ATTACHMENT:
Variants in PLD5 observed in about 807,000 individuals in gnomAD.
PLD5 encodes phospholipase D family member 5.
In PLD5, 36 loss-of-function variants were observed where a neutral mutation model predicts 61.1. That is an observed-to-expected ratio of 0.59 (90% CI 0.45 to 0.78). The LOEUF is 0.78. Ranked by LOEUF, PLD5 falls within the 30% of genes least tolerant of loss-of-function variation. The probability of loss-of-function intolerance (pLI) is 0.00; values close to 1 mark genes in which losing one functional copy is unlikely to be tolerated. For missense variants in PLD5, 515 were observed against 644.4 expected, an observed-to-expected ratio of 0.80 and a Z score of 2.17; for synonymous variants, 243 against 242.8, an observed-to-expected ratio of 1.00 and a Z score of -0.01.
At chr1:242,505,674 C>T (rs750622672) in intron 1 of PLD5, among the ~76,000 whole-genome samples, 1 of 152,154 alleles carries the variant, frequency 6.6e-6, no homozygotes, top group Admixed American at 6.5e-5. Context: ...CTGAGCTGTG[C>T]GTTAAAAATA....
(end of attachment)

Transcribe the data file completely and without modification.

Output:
Variants in PLD5 observed in about 807,000 individuals in gnomAD.
PLD5 encodes phospholipase D family member 5.
In PLD5, 36 loss-of-function variants were observed where a neutral mutation model predicts 61.1. That is an observed-to-expected ratio of 0.59 (90% CI 0.45 to 0.78). The LOEUF is 0.78. Ranked by LOEUF, PLD5 falls within the 30% of genes least tolerant of loss-of-function variation. The probability of loss-of-function intolerance (pLI) is 0.00; values close to 1 mark genes in which losing one functional copy is unlikely to be tolerated. For missense variants in PLD5, 515 were observed against 644.4 expected, an observed-to-expected ratio of 0.80 and a Z score of 2.17; for synonymous variants, 243 against 242.8, an observed-to-expected ratio of 1.00 and a Z score of -0.01.
At chr1:242,505,674 C>T (rs750622672) in intron 1 of PLD5, among the ~76,000 whole-genome samples, 1 of 152,154 alleles carries the variant, frequency 6.6e-6, no homozygotes, top group Admixed American at 6.5e-5. Context: ...CTGAGCTGTG[C>T]GTTAAAAATA....